Montana must take further efforts to protect the state and its residents from climate change, a state district judge ruled Monday in a historic decision for youth climate plaintiffs that cited a state constitutional right to a clean environment.
The ruling invalidated a pair of Montana laws prohibiting state agencies from considering the effects of greenhouse gas emissions in policy decisions; it did not describe specific steps for the state to take, but it opens the door for officials to consider climate impacts in future policy decisions, including on energy and mining projects, or efficiency and emissions standards.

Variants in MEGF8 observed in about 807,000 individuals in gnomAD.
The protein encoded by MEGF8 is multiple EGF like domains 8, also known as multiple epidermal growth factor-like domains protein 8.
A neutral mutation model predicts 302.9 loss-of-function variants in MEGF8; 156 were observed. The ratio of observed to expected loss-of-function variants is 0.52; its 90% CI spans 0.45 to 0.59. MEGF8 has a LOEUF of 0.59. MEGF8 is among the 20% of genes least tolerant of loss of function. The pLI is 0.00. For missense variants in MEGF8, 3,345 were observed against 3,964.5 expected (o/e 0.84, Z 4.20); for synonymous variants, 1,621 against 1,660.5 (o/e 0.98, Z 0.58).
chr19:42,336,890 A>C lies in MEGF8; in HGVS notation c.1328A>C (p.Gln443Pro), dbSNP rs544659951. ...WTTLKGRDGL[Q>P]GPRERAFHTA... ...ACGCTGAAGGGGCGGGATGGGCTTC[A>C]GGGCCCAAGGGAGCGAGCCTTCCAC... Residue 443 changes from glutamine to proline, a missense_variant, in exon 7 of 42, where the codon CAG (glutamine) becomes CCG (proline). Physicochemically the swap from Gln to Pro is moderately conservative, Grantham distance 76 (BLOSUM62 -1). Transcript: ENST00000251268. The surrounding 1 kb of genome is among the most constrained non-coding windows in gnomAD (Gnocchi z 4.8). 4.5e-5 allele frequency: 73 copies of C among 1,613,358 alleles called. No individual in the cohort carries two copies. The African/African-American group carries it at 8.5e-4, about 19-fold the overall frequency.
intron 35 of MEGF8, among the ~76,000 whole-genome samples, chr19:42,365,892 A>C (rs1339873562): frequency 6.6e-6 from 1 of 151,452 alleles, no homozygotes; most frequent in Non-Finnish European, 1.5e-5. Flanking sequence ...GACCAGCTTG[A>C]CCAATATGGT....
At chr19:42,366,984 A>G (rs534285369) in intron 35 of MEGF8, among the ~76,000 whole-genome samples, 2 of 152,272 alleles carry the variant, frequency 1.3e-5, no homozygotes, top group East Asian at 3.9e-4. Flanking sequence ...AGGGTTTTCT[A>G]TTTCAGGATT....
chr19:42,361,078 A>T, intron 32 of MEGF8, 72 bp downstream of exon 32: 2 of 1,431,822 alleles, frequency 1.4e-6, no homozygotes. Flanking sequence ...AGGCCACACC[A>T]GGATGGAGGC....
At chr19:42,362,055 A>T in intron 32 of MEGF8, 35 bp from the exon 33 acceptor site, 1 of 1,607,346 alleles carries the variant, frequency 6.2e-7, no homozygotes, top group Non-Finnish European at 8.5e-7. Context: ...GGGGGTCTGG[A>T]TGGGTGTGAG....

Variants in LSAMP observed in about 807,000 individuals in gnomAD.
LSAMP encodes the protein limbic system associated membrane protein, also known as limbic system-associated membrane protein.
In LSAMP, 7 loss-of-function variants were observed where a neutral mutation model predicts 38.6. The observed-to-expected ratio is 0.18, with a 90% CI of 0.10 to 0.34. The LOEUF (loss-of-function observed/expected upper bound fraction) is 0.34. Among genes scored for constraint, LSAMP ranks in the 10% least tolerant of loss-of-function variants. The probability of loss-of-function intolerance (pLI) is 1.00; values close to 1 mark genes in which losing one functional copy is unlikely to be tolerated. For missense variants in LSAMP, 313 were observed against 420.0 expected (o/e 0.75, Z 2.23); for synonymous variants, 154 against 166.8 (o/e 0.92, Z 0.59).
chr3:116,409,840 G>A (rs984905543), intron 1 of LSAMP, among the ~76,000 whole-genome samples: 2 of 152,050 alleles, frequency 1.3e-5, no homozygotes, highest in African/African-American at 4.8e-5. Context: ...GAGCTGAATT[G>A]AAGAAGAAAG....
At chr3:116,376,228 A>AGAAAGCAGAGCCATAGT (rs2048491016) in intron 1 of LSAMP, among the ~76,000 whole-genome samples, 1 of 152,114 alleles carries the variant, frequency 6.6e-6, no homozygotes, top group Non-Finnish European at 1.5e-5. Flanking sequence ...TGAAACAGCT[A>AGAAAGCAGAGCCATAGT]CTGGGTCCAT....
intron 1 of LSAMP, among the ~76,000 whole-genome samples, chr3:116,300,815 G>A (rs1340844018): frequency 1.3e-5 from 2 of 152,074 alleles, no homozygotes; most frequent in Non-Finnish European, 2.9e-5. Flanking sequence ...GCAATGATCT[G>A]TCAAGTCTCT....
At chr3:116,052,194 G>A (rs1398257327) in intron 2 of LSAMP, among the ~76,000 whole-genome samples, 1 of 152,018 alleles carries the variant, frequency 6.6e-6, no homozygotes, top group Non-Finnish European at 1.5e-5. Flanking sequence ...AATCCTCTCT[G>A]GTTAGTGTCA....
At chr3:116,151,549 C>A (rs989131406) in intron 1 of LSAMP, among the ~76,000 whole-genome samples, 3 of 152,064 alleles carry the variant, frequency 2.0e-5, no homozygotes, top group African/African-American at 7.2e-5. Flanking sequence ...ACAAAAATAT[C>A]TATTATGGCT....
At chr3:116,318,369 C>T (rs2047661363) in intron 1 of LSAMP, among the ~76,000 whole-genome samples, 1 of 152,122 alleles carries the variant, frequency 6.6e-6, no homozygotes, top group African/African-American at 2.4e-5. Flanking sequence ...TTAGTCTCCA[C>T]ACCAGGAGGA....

Montana’s constitution explicitly guarantees the right to “a clean and healthful environment” – one of only three states to do so – but the clause had largely gone unenforced, and the plaintiffs argued the state’s reliance on fossil fuels and their production was at odds with that constitutional guarantee.
The Montana attorney general’s office said it plans to appeal, calling the ruling “absurd” that was based on “legal theory has been thrown out of federal court and courts in more than a dozen states.”
Similar cases are moving forward in Oregon and Hawaii.
ETFs: (NYSEARCA:XLE), (NYSEARCA:XLU), (ICLN), (QCLN), (PBW), (PBD), (ACES), (CNRG), (ERTH), (SMOG)
More on proposed climate change legislation: